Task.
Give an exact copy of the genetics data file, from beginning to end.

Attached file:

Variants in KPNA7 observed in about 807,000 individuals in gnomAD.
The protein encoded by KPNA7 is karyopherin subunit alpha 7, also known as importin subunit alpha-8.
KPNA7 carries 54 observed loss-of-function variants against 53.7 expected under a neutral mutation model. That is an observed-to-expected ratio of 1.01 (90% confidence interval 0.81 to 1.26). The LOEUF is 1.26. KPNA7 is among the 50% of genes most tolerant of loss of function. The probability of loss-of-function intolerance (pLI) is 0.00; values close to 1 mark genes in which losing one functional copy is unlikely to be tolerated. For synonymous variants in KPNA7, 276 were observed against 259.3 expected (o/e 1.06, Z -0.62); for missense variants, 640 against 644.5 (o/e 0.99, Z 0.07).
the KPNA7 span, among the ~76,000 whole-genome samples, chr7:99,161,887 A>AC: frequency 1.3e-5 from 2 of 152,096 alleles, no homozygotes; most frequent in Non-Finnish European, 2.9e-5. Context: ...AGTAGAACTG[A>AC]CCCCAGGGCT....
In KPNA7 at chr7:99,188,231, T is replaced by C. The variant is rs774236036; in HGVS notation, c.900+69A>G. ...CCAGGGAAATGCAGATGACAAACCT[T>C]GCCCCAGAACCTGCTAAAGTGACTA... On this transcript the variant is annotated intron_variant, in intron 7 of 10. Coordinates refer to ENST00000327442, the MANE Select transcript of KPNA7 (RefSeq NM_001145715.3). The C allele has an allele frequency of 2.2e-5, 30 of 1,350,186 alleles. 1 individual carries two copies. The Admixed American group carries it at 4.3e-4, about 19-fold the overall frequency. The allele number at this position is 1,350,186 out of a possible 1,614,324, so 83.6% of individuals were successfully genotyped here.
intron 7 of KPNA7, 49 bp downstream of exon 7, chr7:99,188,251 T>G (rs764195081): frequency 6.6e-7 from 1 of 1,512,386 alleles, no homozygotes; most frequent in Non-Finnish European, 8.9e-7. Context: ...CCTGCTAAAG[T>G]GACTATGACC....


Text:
Variants in KPNA7 observed in about 807,000 individuals in gnomAD.
The protein encoded by KPNA7 is karyopherin subunit alpha 7, also known as importin subunit alpha-8.
KPNA7 carries 54 observed loss-of-function variants against 53.7 expected under a neutral mutation model. That is an observed-to-expected ratio of 1.01 (90% confidence interval 0.81 to 1.26). The LOEUF is 1.26. KPNA7 is among the 50% of genes most tolerant of loss of function. The probability of loss-of-function intolerance (pLI) is 0.00; values close to 1 mark genes in which losing one functional copy is unlikely to be tolerated. For synonymous variants in KPNA7, 276 were observed against 259.3 expected (o/e 1.06, Z -0.62); for missense variants, 640 against 644.5 (o/e 0.99, Z 0.07).
the KPNA7 span, among the ~76,000 whole-genome samples, chr7:99,161,887 A>AC: frequency 1.3e-5 from 2 of 152,096 alleles, no homozygotes; most frequent in Non-Finnish European, 2.9e-5. Context: ...AGTAGAACTG[A>AC]CCCCAGGGCT....
In KPNA7 at chr7:99,188,231, T is replaced by C. The variant is rs774236036; in HGVS notation, c.900+69A>G. ...CCAGGGAAATGCAGATGACAAACCT[T>C]GCCCCAGAACCTGCTAAAGTGACTA... On this transcript the variant is annotated intron_variant, in intron 7 of 10. Coordinates refer to ENST00000327442, the MANE Select transcript of KPNA7 (RefSeq NM_001145715.3). The C allele has an allele frequency of 2.2e-5, 30 of 1,350,186 alleles. 1 individual carries two copies. The Admixed American group carries it at 4.3e-4, about 19-fold the overall frequency. The allele number at this position is 1,350,186 out of a possible 1,614,324, so 83.6% of individuals were successfully genotyped here.
intron 7 of KPNA7, 49 bp downstream of exon 7, chr7:99,188,251 T>G (rs764195081): frequency 6.6e-7 from 1 of 1,512,386 alleles, no homozygotes; most frequent in Non-Finnish European, 8.9e-7. Context: ...CCTGCTAAAG[T>G]GACTATGACC....